Glamping at Kings Canyon the comfy way to go

NOT YOUR AVERAGE TENT ... Guests staying in the super-comfy tents at Kings Canyon Resort wake in the morning to the Red Centre at its finest.

NOT YOUR AVERAGE TENT ... Guests staying in the super-comfy tents at Kings Canyon Resort wake in the morning to the Red Centre at its finest.

WHEN does a tent cease to be a tent?

Even though I'm technically under canvas, I'm luxuriating in a king-size bed, there is a generous-size lounge setting and dining table, while the rigid canvas wall behind the head hides a generous en-suite stocked with spa products.

Yet there is no doubt I'm in the bush. Things still go bump in the night, I can hear dingoes howling and twigs cracking underfoot.

Welcome to glamping, Kings Canyon Resort style, where the ultra-stylish tents are a generous 85 sq m, with more than a nod to the Central Australian outback with double hammocks or swing chairs on the verandah and a fire pit for those cold desert nights.

There are more surprises in store at the resort, located within the 710 sq km Watarrka (Kings Canyon) National Park, roughly midway between Alice Springs and Uluru-Kata Tjuta National Park.

Chef Jonty De Camargo delivers an Under a Desert Moon dining experience around a fire pit under the sort of night sky you only find in the outback. The five-course Australian native ingredient-inspired menu is equal to any served in the finest big-city restaurants. Limited to just 12 people, the evening starts with canapes on the lawn before moving to the outdoor dining area to enjoy smoked kangaroo with pepperleaf jus, wild barramundi with native plum, and coffee-rubbed wagyu tenderloin before finishing with miniature quandong cheesecakes.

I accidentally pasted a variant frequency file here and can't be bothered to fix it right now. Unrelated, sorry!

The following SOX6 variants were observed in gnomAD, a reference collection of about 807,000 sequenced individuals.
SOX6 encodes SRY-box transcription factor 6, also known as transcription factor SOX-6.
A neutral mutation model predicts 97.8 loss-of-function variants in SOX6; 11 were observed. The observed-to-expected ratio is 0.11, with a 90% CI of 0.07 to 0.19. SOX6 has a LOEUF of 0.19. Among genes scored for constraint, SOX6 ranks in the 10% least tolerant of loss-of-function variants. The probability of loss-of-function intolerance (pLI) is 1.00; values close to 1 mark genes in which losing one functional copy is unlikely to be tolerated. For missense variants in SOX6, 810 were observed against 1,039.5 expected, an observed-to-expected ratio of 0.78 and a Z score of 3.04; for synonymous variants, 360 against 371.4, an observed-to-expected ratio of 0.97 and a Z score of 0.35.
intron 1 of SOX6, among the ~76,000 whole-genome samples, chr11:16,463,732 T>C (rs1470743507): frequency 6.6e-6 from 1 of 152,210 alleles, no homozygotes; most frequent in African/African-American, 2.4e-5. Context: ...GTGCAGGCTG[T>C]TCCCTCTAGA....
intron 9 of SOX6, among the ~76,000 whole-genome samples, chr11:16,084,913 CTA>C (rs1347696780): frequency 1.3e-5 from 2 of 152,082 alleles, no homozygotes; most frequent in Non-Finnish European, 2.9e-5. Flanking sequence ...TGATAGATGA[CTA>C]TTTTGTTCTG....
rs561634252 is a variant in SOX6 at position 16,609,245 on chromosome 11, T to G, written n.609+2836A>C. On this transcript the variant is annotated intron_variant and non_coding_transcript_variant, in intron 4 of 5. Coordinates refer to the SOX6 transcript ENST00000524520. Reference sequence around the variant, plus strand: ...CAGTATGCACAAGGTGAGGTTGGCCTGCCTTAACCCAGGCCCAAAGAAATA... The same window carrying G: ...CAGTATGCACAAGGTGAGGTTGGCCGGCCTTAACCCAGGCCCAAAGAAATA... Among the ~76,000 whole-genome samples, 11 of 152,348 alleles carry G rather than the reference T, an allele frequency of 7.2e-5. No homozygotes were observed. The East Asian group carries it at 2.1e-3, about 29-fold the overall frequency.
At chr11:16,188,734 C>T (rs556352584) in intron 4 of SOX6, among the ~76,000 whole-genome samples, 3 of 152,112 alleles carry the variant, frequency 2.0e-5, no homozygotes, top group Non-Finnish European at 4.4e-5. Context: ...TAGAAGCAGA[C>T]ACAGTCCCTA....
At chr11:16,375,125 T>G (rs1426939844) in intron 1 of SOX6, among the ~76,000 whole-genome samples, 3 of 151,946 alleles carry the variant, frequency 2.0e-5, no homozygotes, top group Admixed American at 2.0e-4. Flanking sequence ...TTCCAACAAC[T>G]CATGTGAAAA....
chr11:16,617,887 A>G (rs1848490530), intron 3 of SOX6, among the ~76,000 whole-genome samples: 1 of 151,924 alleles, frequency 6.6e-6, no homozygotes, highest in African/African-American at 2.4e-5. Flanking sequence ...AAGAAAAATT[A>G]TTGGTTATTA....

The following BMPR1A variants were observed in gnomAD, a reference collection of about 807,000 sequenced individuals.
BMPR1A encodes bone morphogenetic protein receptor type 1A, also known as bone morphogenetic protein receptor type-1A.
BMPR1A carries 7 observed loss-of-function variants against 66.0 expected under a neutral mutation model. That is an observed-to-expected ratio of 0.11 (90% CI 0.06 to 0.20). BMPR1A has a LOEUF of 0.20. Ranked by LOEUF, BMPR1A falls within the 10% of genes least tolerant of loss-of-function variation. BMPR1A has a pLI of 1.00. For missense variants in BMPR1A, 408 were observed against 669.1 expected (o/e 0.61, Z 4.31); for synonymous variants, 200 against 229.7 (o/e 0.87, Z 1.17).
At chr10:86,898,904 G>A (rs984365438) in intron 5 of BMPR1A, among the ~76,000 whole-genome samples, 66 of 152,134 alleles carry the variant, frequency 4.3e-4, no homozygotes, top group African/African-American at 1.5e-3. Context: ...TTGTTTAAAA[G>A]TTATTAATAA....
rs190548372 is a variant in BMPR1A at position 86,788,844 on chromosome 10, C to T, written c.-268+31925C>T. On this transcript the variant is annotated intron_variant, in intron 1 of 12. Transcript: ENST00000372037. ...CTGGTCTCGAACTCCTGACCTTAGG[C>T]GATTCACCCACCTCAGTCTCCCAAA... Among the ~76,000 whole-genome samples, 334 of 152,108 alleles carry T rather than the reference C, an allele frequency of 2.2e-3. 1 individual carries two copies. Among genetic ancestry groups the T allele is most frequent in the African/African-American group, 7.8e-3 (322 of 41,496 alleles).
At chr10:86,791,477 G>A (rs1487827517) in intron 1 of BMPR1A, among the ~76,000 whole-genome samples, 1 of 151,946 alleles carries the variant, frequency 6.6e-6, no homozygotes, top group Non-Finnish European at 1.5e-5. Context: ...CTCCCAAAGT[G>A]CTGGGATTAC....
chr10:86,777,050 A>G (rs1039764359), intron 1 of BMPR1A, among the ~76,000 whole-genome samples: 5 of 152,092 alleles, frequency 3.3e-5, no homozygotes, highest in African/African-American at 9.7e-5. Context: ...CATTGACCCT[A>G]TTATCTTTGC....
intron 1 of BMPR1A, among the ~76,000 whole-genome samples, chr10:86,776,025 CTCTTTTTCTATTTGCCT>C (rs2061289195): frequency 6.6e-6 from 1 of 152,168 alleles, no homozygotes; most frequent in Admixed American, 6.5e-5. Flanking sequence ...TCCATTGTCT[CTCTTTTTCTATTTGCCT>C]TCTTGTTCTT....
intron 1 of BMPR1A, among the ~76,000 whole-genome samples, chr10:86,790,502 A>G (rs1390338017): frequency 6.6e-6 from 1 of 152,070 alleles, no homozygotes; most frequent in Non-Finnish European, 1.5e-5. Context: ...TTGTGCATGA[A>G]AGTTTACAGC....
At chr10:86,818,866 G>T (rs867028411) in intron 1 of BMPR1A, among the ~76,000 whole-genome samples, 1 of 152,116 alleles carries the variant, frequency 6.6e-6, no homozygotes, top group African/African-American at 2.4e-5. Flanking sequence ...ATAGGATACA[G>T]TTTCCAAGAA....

The resort also recently opened an open-air cinema and sunset viewing platform overlooking Carmichael's Crag so that travellers can enjoy classic Australian movies alongside a pop-up caravan bar.

The new accommodation and the resort's new attractions, which include Segway tours, are attracting more and more tourists into the Red Centre.

With the closure of the Uluru climb this October, the challenging Kings Canyon Rim Walk is predicted to attract more walkers keen to test their mettle on the 6km loop. After a steep ascent, walkers have glorious views over the park and into the canyon itself before descending into the green oasis of the Garden of Eden.

An easier but equally lovely walk is the shady Kings Creek 2.6-km walk that follows a trail between the two walls of the canyon.

Another option is a fly-over of the ruby red canyon to get an aerial perspective of the weathered domes of the Lost City and the lush vegetation and palm-filled crevices and cool waterholes of the Garden of Eden.

The Kings Canyon Rim Walk.

The Kings Canyon Rim Walk.


Three of the six glamping tents are designed for couples, while three also have two king single beds.

Rates start at $390 a night including breakfast. Children 12 and under stay free.

Other accommodation options include deluxe spa rooms, value lodge rooms and a camping and caravanning site.

Under a Desert Moon dinner costs $169 per person, including wine pairings (closed November-March).

The Uluru to Kings Canyon Overnight Delight package includes return flights with Rock Air, Under a Desert Moon Dining, Guided Rim Walk Hike and Karrke Aboriginal Cultural Experience and other meals.

Packages start at $1438 a night, based on twin share.

Sue Preston was a guest of Kings Canyon Resort and flew courtesy of Tourism Northern Territory (